What is NFS File Share?
By Tobias Geisler Mesevage
NFS, or Network File System, is a collaboration system developed by Sun Microsystems in the early 80s that allows users to view, store, update or share files on a remote computer as though it was a local computer.
The first version of NFS was used as an internal process for employees of Sun, and it wasn’t until version two was released that the public could start to benefit from its features. When NFS version two was released to the public, it was used extensively for file sharing, particularly with UNIX operating systems.
Each iteration of NFS has brought increased capabilities to the system, including increased file size limits and improved security measures, like the addition of Kerberos as a network authentication protocol.
Benefits of NFS File Share
Apart from allowing local access to remote files, NFS is most notable for its host authentication, it’s simple to do and makes it possible to connect to another service using an IP address only.
Additional benefits of NFS file share include:
- NFS provides a central management
- NFS allows for a user to log into any server and have access to their files transparently
- It’s been around for a long time, so it comes with familiarity in terms of applications
- No manual refresh needed for new files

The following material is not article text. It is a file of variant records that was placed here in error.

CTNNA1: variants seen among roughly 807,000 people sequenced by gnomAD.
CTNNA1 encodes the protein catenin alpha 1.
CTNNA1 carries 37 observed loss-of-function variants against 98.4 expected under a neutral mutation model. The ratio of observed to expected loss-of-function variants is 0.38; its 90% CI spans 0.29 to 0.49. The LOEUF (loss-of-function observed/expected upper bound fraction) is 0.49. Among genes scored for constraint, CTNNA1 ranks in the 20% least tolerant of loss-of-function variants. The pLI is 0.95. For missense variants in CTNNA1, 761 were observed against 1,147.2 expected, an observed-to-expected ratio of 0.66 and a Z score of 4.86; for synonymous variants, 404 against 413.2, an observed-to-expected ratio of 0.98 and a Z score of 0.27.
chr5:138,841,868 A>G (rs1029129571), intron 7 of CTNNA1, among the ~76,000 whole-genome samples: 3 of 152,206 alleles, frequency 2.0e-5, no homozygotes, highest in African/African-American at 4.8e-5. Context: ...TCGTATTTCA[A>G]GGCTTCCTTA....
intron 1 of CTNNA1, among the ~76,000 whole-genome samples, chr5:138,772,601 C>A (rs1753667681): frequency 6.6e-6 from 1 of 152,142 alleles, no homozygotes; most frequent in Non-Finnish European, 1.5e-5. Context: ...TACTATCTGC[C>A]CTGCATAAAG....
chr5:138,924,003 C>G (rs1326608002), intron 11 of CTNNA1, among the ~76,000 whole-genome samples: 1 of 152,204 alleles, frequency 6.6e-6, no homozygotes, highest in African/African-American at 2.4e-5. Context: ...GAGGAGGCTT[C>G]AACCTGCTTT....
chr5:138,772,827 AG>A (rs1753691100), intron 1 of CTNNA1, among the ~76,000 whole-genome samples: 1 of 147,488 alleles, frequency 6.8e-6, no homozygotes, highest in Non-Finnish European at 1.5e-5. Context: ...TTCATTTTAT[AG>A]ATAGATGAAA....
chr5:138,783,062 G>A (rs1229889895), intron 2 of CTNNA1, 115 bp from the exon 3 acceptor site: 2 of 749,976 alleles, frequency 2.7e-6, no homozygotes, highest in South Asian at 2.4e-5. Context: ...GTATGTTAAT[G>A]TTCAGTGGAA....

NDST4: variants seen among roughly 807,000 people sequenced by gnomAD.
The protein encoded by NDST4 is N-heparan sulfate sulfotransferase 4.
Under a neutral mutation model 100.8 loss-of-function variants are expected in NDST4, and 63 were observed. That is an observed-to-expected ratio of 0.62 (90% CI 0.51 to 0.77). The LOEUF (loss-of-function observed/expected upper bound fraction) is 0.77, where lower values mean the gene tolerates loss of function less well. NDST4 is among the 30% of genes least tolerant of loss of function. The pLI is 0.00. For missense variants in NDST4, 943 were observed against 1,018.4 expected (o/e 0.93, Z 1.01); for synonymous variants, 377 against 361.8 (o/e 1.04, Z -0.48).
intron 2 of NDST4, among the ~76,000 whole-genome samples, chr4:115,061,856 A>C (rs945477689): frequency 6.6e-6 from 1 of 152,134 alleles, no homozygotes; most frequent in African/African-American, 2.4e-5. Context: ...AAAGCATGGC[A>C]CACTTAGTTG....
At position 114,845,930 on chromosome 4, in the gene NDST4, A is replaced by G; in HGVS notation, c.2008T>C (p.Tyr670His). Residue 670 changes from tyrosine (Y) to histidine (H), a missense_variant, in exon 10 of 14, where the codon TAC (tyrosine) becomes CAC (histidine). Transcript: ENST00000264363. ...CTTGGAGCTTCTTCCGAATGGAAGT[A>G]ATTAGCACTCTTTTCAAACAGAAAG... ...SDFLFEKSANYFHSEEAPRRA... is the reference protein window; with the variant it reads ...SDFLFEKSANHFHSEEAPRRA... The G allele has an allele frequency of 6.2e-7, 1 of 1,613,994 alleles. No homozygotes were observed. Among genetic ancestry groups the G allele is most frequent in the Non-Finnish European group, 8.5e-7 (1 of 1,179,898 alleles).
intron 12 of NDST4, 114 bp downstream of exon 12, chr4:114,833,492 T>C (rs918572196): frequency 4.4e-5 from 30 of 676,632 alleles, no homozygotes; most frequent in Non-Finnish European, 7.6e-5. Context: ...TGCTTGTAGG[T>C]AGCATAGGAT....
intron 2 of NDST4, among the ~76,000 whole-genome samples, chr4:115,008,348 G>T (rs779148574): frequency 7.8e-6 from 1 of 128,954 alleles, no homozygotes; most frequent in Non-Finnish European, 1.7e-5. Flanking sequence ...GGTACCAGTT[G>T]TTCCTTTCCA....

- Can be secured with firewalls and Kerberos
NAS Overview: Other Files Sharing Options
NFS protocol is one of several distributed file system standards for network-attached storage (NAS). Another popular option is server message block (SMB), sometimes referred to as common internet file system (CIFS).
Server Message Block (SMB)
Similar to NFS, using the SMB protocol allows a user to access files or other resources at a remote server. While there are many similarities between SMB and NFS — like the opportunity for shared access to files, printers, and serial ports between nodes on a network — there are some notable differences, too.
Specifically, one of the drawbacks of SMB is the fact that Windows requires user authentication in order to connect to an SMB, and generally, the user needs to be logged in. Workarounds for this can be a tedious process.
Common Internet File System (CIFS)
Though CIFS and SMB are often used interchangeably, CIFS is actually a dialect of SMB. After an unsuccessful solo launch, and a name that couldn’t catch fire, CIFS is now considered a thing of the past, and the term SMB should be the preferred acronym moving forward.
SMB and NFS can be used in conjunction with one another. However, if you are connecting two UNIX computers, it’s best to use a native protocol, which is NFS. Likewise, if you’re connecting two Windows computers SMB would be the preferred NAS.
The Basics of Getting NFS Running on Your Network
- Simply enter the following command in your terminal window: sudo apt install nfs-kernel-server to install
- You can configure NFS by manually editing the configuration file /etc/exports or via the command line, using exportfs
- To start the NFS server, run the following command: sudo systemctl start nfs-kernel-server.service
- For NFS client configuration, mount a shared NFS directory from another machine, by typing a variation of the following command in your terminal window: sudo mount example.hostname.com:/ubuntu /local/ubuntu